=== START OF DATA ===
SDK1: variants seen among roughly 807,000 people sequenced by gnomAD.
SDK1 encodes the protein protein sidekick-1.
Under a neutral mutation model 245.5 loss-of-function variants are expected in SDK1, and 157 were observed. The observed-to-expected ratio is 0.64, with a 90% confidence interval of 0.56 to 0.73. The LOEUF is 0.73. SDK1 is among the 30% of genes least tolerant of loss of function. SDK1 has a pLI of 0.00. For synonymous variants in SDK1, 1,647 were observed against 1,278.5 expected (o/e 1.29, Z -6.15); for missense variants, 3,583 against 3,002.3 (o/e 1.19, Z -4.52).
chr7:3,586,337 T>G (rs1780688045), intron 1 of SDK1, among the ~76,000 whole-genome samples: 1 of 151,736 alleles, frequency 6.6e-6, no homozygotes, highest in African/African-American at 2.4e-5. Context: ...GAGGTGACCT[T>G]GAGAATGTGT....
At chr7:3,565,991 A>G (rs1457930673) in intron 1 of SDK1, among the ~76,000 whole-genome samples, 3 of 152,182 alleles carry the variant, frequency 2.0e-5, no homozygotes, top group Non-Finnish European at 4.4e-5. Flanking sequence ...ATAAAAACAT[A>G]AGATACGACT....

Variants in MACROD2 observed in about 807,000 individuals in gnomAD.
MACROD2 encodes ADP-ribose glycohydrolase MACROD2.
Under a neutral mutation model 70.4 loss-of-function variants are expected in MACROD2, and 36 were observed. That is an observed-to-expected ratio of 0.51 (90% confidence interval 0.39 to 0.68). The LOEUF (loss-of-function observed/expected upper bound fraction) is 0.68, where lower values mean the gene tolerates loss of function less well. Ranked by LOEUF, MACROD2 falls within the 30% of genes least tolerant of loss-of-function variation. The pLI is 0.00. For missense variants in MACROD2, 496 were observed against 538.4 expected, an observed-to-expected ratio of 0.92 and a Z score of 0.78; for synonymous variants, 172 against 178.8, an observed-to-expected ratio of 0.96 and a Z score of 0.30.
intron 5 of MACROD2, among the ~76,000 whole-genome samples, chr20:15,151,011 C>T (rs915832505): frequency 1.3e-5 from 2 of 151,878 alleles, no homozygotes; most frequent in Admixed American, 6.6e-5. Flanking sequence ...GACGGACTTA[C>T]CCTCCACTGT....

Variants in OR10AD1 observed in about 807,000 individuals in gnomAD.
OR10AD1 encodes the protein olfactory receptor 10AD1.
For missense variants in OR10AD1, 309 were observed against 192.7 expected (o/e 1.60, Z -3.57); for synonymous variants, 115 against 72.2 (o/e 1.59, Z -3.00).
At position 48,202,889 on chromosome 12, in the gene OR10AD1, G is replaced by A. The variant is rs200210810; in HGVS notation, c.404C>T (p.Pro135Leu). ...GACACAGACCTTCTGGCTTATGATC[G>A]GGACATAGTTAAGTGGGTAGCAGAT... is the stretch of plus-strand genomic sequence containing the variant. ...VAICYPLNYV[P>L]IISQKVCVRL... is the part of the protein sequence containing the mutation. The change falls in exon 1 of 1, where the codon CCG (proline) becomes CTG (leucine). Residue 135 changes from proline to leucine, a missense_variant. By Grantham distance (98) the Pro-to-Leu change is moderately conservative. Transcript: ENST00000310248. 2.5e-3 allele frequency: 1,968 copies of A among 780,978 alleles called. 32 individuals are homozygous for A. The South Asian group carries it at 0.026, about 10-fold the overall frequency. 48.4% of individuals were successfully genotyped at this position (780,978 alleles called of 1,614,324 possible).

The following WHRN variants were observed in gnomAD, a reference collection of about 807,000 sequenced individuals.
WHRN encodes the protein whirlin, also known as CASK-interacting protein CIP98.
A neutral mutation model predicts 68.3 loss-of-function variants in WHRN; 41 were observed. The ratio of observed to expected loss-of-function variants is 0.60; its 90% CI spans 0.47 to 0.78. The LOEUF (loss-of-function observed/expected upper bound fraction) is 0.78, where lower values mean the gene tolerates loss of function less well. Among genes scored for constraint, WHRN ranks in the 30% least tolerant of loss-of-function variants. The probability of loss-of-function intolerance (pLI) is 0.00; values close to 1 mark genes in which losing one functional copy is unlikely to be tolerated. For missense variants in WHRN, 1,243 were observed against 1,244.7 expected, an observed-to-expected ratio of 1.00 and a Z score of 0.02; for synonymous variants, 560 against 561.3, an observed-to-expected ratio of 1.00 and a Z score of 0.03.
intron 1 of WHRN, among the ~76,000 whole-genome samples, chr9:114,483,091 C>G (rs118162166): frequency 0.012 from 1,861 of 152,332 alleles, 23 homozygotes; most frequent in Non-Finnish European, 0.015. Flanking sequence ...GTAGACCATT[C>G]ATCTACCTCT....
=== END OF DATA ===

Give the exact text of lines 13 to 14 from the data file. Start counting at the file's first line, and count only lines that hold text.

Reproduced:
At position 48,202,889 on chromosome 12, in the gene OR10AD1, G is replaced by A. The variant is rs200210810; in HGVS notation, c.404C>T (p.Pro135Leu). ...GACACAGACCTTCTGGCTTATGATC[G>A]GGACATAGTTAAGTGGGTAGCAGAT... is the stretch of plus-strand genomic sequence containing the variant. ...VAICYPLNYV[P>L]IISQKVCVRL... is the part of the protein sequence containing the mutation. The change falls in exon 1 of 1, where the codon CCG (proline) becomes CTG (leucine). Residue 135 changes from proline to leucine, a missense_variant. By Grantham distance (98) the Pro-to-Leu change is moderately conservative. Transcript: ENST00000310248. 2.5e-3 allele frequency: 1,968 copies of A among 780,978 alleles called. 32 individuals are homozygous for A. The South Asian group carries it at 0.026, about 10-fold the overall frequency. 48.4% of individuals were successfully genotyped at this position (780,978 alleles called of 1,614,324 possible).

The following WHRN variants were observed in gnomAD, a reference collection of about 807,000 sequenced individuals.